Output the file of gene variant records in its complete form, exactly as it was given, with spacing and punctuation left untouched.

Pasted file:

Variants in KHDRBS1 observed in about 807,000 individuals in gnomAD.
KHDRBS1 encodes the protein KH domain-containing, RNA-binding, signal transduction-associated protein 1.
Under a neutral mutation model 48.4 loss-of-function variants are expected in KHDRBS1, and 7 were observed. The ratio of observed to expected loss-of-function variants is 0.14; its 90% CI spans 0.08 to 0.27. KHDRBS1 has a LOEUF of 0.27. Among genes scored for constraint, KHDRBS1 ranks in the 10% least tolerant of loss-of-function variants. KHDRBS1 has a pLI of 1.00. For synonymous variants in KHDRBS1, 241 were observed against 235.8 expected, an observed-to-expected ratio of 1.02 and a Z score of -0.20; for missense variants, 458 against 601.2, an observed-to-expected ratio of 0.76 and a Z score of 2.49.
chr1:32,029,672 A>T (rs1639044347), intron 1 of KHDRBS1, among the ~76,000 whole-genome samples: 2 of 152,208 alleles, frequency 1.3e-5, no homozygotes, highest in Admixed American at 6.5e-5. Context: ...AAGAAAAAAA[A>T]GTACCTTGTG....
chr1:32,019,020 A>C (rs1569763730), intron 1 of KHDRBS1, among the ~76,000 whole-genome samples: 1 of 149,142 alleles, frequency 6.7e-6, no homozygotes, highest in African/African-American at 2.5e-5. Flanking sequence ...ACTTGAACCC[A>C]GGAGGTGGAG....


Variants in KHDRBS1 observed in about 807,000 individuals in gnomAD.
KHDRBS1 encodes the protein KH domain-containing, RNA-binding, signal transduction-associated protein 1.
Under a neutral mutation model 48.4 loss-of-function variants are expected in KHDRBS1, and 7 were observed. The ratio of observed to expected loss-of-function variants is 0.14; its 90% CI spans 0.08 to 0.27. KHDRBS1 has a LOEUF of 0.27. Among genes scored for constraint, KHDRBS1 ranks in the 10% least tolerant of loss-of-function variants. KHDRBS1 has a pLI of 1.00. For synonymous variants in KHDRBS1, 241 were observed against 235.8 expected, an observed-to-expected ratio of 1.02 and a Z score of -0.20; for missense variants, 458 against 601.2, an observed-to-expected ratio of 0.76 and a Z score of 2.49.
chr1:32,029,672 A>T (rs1639044347), intron 1 of KHDRBS1, among the ~76,000 whole-genome samples: 2 of 152,208 alleles, frequency 1.3e-5, no homozygotes, highest in Admixed American at 6.5e-5. Context: ...AAGAAAAAAA[A>T]GTACCTTGTG....
chr1:32,019,020 A>C (rs1569763730), intron 1 of KHDRBS1, among the ~76,000 whole-genome samples: 1 of 149,142 alleles, frequency 6.7e-6, no homozygotes, highest in African/African-American at 2.5e-5. Flanking sequence ...ACTTGAACCC[A>C]GGAGGTGGAG....